I haven't used Catia, I don't know what it is like. I haven't done solid modeling in 14 years, and that was ProEngineer version 20...

But I was thinking more about framing and construction...

I think the best thing to do is develop a CNC plan for stitch and glue construction. Rather than using heavy timber frames, stitch and glue usually relies on egg-crate like framing that is CNC cut from material like 3/4" plywood, and stressed outer panels that are pulled together and "sewn" with zipties or wire, then fiberglassed into place. The zipties or wires are then removed. Motor rails would then be bolted in. That is what Chesapeake Light Craft did with the Cocktail Class racer from the original SKUA skimmer plans I linked above.

Then, people could get the CNC file from you, use a CNC router table, buy 6 sheets of 1/4" exterior fir plywood for the bottom and sides, 4 sheets of 3/4" fir plywood for frames, 4 sheets of 1/4" mahogany ply for the dec), and 2 2x6 12 foot pieces of spruce for motor rails. Then they would mill the parts out, glue, stitch, and 'glass the hulls together. Total cost for a bare hull would be less than $1000, probably around 200 hours to build. Or you could get a mill shop to kick out parts kits all milled up and sell them, ready to construct.

I really think finding a way build hulls in this fashion would make a difference in getting more people involved in Crackerboxes. If a couple guys can buy some plywood and knock out a hull in couple months worth of weekends and evenings, it is much more likely that people would be willing to do it.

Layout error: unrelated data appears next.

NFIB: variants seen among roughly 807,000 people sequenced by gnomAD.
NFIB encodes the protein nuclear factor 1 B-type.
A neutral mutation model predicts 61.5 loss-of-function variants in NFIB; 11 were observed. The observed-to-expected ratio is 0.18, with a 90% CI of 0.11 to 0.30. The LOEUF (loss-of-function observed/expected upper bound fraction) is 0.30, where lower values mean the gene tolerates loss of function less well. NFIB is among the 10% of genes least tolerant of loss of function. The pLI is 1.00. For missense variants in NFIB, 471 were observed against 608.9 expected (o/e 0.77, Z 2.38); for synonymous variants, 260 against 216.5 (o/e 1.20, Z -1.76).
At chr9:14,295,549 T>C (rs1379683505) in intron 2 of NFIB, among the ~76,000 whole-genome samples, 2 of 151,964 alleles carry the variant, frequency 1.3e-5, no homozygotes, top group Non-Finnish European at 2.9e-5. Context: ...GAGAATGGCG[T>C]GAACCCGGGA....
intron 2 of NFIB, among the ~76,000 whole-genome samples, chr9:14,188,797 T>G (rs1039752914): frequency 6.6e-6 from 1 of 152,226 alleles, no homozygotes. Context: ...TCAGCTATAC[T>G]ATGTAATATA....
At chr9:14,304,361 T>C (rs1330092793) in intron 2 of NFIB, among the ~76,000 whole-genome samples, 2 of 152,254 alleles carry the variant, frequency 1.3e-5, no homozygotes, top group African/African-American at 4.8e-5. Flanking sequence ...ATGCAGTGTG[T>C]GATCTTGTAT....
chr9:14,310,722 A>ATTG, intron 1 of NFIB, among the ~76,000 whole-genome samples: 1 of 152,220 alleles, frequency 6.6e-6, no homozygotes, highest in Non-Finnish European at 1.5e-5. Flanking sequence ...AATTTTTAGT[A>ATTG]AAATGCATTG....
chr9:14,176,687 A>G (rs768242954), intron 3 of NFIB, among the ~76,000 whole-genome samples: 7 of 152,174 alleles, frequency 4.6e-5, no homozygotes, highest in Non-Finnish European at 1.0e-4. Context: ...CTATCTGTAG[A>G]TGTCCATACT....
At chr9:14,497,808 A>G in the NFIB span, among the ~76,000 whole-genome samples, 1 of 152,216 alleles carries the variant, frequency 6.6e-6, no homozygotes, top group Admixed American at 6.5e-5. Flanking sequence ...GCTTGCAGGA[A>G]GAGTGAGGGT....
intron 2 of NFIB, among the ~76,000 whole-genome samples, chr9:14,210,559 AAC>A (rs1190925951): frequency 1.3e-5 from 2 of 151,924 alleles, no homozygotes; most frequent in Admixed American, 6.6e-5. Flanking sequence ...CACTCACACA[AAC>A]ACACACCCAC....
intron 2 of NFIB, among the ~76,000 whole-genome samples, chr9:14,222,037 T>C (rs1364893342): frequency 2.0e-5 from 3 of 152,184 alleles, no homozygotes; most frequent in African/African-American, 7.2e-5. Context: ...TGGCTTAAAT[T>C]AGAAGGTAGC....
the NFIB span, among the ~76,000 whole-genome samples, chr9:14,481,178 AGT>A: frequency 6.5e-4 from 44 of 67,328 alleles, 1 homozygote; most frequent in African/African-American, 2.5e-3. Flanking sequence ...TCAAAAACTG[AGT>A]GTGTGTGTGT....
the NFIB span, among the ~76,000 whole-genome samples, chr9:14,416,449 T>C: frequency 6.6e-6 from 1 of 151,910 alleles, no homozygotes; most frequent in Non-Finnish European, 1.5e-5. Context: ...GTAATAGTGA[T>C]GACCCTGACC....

What about rigging and hardware? Is everything available to build a competitive boat? Or are custom parts required? My father in-law just took over a machine shop in Denver and is looking for some consistent work...

This is really damn good idea, I hope you can pursue it!
 

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Discussion Starter · #6 · (Edited)
I used the offsets from the 2012 APBA inboard rules. I'll work on it more this weekend if I get time.

I plan on making the framing/bracing CNCable because at that point it's just turns into cycle start button push and a new piece of stock. The goal is to have the ground work to make this mass producible.

Giving a CNC file out is kind of scary, no machine uses the exact same code unless it is the same brand and model. In addition, they have no clue what tools I'm using or where I put the offsets, how I flipped the parts ect. unless I make detailed setup sheets. I'll offer .stps and they can program their own parts.

I have access to a GR-712, no need to build a CNC machine :)

As far as hardware goes. I have no clue on that situation right now, I'll have to research. I'm not sure what is available, but I can also design many of those parts. I planned on doing the 3D model with as much detail as possible. I probably won't do an engine but all the running gear, seats, dash and drive hardware I wanted to include. The engine will just be a nominal lump with minimal detail where the drive-line attaches and where it mounts.
 

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Good luck. Looking forward to seeing the progress :))THumbsUp

I would try and make it out to our first Lucas Oil race at Irvine Lake the first weekend in may. Talk to Bob and Tom Patterson. They are a great wealth of knowledge and have been building crackers for many decades